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Installation 1 Tue, 19 Feb 2013 13:46:10 +0000 Richard Layzell There has been a build-up to these two days of installing, the Wednesday and the Thursday, the last two days of January 2013, with some potential to spill over into Friday morning. Lists have been drawn up, journeys planned and agreed. So my planned trip by train to Twyford to collect and travel with the [...]]]> There has been a build-up to these two days of installing, the Wednesday and the Thursday, the last two days of January 2013, with some potential to spill over into Friday morning. Lists have been drawn up, journeys planned and agreed. So my planned trip by train to Twyford to collect and travel with the disassembled Cabinet in Richard’s van early on Wednesday made no sense if he could arrange some help loading at his end. This meant that I could drive in the aging estate car to my studio at Chisenhale Art Place and collect the other elements for the installation, after loading up at home in Finsbury Park with the starched table cloths, fabric rolls and other necessaries. I would leave early enough to have free parking in Bow. Inevitably loading of the other necessaries took longer than expected and I arrived at Chisenhale Road in need of a parking meter only to find that none of the payment machines were functioning. The inevitable stress of double-parking led to rapid ascent and descent of the six flights to Studio 28 on the 3rd floor, not realising I was setting a trend for double-parking, or was even ahead of the curve, as many parents gradually joined me in a column of illicit parking as they dropped off their children at Chisenhale Road Primary School, which makes a surprise appearance in the World Buildings Directory thanks to its natty new wing.

Now fully loaded, the drive to Enfield and Forty Hall was a negotiation of the A406 passing en route the Edmonton Ikea, whose Bargain Corner had been so instrumental to the disassembled sculptural construction that would shortly be heading east on the M25 in the back of Richard’s powerful black Volkswagen Transporter as I now took the A10 going north in my faded but trusty Passat, a car so brutally parodied by Jeremy, as his silent psychotherapist’s imagined vehicle of choice, in a recent edition of Peep Show.

I had an hour of unloading before Richard arrived, long enough to request and negotiate the special opening by Gavin of the Courtyard’s main gates so the black Transporter can be parked in style and we can move the stuff in with more ease. I’m slightly concerned that he may be accompanied by Tulip, his uncontrollably effusive part Staffordshire bull, rescued from Battersea Dogs Home. I imagine Tulip unwittingly trampling the Cabinet’s finer pieces in the back of the van. I get a call saying he’s lost but he arrives a few minutes later, dog free. We look at the Inner Courtyard and discuss the positioning of the Cabinet. Gavin has already emptied the display case, also located in the Inner Courtyard. There are large orange gripping devices still attached to its glass. This will later contain a mini landscape of chopsticks and stands, which I imagine working on after Richard has left.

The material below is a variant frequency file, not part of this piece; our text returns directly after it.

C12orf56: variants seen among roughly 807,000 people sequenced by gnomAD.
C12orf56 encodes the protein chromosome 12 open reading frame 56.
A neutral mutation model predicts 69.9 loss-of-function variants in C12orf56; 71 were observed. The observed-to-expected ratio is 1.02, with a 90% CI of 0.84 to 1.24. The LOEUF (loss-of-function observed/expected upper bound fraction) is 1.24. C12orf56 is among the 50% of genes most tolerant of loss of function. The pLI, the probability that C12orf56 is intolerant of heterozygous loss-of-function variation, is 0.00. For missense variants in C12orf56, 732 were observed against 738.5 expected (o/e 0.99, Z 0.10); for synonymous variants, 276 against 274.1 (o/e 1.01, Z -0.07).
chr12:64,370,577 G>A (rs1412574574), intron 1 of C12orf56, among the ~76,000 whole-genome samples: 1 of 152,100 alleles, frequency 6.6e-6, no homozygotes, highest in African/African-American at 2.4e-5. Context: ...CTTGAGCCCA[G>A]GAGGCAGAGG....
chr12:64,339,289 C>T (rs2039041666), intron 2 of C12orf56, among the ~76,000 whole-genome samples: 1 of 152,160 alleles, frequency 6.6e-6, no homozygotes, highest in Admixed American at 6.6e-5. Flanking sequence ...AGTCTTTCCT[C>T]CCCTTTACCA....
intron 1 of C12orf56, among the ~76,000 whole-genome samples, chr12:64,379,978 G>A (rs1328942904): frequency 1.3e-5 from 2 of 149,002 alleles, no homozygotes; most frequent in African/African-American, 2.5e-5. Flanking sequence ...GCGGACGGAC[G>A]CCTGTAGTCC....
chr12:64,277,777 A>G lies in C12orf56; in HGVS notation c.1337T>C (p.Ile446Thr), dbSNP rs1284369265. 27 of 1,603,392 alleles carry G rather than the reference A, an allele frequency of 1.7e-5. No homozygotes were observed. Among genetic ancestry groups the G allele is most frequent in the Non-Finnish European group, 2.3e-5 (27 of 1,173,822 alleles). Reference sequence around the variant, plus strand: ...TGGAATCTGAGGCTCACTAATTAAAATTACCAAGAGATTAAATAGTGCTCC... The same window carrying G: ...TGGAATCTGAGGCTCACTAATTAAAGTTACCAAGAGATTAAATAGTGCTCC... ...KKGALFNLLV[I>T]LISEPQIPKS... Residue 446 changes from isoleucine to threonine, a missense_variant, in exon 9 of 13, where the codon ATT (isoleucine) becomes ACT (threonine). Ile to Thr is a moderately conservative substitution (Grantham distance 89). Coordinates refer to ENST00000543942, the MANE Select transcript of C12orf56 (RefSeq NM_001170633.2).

Gripping devices

Gripping devices

So the intention I had was to locate the Cabinet somewhere in the middle of the space and the display case alongside a wall. In the adjoining Long Gallery there would be an installation of round tables, with one large table, loaned from across the Courtyard thanks to Forty Hall Banqueting, as a centrepiece. This was the plan. This is the plan. Not fixed but dependant on actuality and site-specific judgement. So there could be a reversal, with the Cabinet moving to the Long Gallery.

We look at the heavy MDF base, elevated a couple of inches by its wooden frame, imagining the rest of the construction in place. I assume it should be set at an angle, perhaps because that’s what I usually do, perhaps from the conditioning of the Private Dancer structure always being set ‘on the huh’. Richard is unconvinced, citing the squaring of the floor tiling on which it sits as a visual conflict and the proximity of the walls. I can see what he means and eventually acquiesce. I also want to acknowledge the collaborative role he’s had in the design and making of this piece, so how it’s positioned here is an extension of this process. We start to assemble it, look again, move it, look again, move it again. And there it stays. Once in position the actual assembly is fast and fulfilling. It makes its mark when the fabric rolls are attached in garish abandon, as parallel slashes of colour. It has a functional appearance, but the right-angled rolls don’t add up. That was the plan.

Cabinet in position, Inner Courtyard

Cabinet in position, Inner Courtyard

We have lunch in the Courtyard Café and Richard decides to head back west, having abandoned Tulip to a neighbour. I’m left to contemplate the decisions we’ve made, the finishing touches to the drawers of the Cabinet and the impending unnamed mini-installation in the display case. This will be the fourth in a line of miniaturised pieces, dating back to the Window Wall for Cornerstone in Didcot and Fine Food for the Gooden Gallery. I’d used a specialised display case similar to this one at the Lynn Museum a year ago for Re-Home and liked what I found. ‘Display’ has its own attributes when it happens within a state-of- the-art, museum-styled unit. Even the visually intrusive internal strip light has its attributes as it distinctly marks out the lit from the shaded. Is display equivalent to assemblage, design, layout, composition and installation? Am I elevating the commonplace Chinese brush and chopstick stands to a precious, untouchable status? I see it as a dialogue of east and west, of scale, the everyday and the universal, the architectural and the detail, of chopstick, fork and brush, bamboo, stone and steel, blue, white and silver. Bamboo is a very fine material, carved, split, sliced, shaved, sanded and cut, intimately imbued in the east, so inextricably linked with eating that the Chinese word for chopsticks kuai-zi literally translates as quick bamboo.

My research had begun with the chopstick rest and moved on to the brush rest, the first examples acquired at a store in Hangzhou, so they really did exist, I later found them in London’s Chinatown. And the visual link between the two rests became the thematic slanting of the installation, resting objects at a slight angle to protect hygiene and paint slippage, and here, with the keen focus of the inner light, the slanting shadows, the angle of incidence, the rows of usefulness and ambiguity.

Angles of incidence

Angles of incidence